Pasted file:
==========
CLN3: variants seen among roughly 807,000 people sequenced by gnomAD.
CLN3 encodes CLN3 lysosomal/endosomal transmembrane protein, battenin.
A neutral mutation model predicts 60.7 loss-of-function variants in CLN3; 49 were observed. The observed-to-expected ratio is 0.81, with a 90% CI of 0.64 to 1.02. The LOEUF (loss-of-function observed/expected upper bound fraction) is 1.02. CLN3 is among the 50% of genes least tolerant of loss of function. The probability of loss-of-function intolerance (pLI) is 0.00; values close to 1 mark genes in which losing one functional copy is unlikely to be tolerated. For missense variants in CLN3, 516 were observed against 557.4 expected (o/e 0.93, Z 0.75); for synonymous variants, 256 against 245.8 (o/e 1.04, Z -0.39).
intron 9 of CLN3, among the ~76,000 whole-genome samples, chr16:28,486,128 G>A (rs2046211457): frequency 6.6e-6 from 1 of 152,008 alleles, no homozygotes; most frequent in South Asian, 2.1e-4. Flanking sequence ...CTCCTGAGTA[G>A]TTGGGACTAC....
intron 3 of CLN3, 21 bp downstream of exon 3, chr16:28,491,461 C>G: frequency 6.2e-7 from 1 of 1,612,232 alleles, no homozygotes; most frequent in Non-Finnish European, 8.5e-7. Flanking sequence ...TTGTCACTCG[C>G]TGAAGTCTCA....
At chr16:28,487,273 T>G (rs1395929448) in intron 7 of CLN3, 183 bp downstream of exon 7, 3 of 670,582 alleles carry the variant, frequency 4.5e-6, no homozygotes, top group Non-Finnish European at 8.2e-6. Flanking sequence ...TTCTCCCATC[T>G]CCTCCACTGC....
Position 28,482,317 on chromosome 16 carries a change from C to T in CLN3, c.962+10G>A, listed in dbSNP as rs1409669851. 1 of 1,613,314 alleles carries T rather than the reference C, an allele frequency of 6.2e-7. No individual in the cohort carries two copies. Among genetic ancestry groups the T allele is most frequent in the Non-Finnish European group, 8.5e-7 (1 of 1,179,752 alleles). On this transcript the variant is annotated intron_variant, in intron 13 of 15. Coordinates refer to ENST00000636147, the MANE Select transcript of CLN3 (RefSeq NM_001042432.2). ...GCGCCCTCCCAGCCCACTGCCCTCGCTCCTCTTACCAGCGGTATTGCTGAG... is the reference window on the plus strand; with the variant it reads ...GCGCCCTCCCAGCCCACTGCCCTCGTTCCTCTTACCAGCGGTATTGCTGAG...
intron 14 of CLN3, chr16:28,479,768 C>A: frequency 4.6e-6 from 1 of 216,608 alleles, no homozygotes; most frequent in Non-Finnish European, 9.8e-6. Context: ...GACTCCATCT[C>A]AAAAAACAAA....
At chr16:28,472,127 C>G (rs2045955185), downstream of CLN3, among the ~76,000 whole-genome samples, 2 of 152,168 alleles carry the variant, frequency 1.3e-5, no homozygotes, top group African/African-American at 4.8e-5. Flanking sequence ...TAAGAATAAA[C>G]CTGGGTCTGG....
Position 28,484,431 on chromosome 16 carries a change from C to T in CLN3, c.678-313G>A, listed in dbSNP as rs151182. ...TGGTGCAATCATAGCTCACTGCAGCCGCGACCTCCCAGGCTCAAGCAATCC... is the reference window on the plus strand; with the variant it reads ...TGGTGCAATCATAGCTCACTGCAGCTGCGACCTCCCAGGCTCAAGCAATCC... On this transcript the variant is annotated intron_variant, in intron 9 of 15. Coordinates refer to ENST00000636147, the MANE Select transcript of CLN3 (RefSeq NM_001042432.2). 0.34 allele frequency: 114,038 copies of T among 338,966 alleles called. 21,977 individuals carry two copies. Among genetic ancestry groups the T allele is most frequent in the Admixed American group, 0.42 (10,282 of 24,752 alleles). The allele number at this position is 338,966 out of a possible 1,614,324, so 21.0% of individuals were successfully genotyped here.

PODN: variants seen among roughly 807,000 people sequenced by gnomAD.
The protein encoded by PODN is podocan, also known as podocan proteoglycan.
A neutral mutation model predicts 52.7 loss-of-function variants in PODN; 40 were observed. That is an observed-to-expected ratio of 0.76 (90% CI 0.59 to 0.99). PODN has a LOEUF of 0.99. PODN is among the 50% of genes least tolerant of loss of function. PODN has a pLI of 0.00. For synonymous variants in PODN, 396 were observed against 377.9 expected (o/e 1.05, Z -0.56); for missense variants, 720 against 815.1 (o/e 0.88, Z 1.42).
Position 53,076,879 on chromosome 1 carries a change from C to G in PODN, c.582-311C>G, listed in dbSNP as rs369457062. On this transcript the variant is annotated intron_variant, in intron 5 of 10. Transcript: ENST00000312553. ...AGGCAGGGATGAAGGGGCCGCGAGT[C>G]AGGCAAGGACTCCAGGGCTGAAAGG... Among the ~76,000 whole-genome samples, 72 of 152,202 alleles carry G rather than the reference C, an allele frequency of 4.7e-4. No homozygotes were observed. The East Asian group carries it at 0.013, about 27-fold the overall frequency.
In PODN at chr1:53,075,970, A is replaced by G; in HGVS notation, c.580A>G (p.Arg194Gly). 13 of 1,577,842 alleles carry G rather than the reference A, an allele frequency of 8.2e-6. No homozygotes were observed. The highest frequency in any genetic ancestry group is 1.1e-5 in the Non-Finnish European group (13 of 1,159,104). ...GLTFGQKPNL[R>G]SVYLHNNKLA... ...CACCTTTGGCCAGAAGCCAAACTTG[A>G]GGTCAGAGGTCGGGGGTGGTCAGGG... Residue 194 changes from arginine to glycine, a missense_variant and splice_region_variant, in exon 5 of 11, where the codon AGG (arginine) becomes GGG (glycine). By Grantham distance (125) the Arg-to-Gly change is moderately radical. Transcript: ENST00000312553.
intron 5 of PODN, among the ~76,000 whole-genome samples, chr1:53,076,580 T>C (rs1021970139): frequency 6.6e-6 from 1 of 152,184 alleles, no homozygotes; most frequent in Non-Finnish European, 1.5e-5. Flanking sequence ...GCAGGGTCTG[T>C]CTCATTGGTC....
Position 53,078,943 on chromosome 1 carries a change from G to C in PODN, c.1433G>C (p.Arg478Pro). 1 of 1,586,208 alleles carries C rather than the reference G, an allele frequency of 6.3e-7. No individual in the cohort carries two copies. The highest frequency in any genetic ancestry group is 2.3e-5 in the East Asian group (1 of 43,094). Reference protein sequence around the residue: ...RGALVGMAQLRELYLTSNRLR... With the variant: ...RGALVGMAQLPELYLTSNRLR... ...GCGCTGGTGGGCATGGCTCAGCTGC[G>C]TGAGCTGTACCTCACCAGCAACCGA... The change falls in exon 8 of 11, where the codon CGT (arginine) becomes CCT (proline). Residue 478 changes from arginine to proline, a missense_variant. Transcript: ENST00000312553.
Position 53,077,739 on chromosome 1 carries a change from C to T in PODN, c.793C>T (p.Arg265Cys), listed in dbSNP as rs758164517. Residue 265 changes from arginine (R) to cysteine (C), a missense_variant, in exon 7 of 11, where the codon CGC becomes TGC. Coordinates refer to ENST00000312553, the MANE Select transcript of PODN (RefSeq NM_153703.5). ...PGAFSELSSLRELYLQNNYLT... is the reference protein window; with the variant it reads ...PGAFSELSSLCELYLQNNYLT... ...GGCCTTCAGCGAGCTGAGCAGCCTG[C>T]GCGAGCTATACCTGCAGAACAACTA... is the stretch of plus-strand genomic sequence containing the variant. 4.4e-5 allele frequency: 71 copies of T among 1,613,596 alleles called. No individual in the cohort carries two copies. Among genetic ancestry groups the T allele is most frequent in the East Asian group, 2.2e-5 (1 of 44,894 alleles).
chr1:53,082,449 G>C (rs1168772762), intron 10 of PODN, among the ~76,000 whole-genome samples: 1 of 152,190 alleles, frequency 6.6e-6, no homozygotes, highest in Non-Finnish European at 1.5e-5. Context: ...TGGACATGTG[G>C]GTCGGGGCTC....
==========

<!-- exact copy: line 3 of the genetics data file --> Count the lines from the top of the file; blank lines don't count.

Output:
A neutral mutation model predicts 60.7 loss-of-function variants in CLN3; 49 were observed. The observed-to-expected ratio is 0.81, with a 90% CI of 0.64 to 1.02. The LOEUF (loss-of-function observed/expected upper bound fraction) is 1.02. CLN3 is among the 50% of genes least tolerant of loss of function. The probability of loss-of-function intolerance (pLI) is 0.00; values close to 1 mark genes in which losing one functional copy is unlikely to be tolerated. For missense variants in CLN3, 516 were observed against 557.4 expected (o/e 0.93, Z 0.75); for synonymous variants, 256 against 245.8 (o/e 1.04, Z -0.39).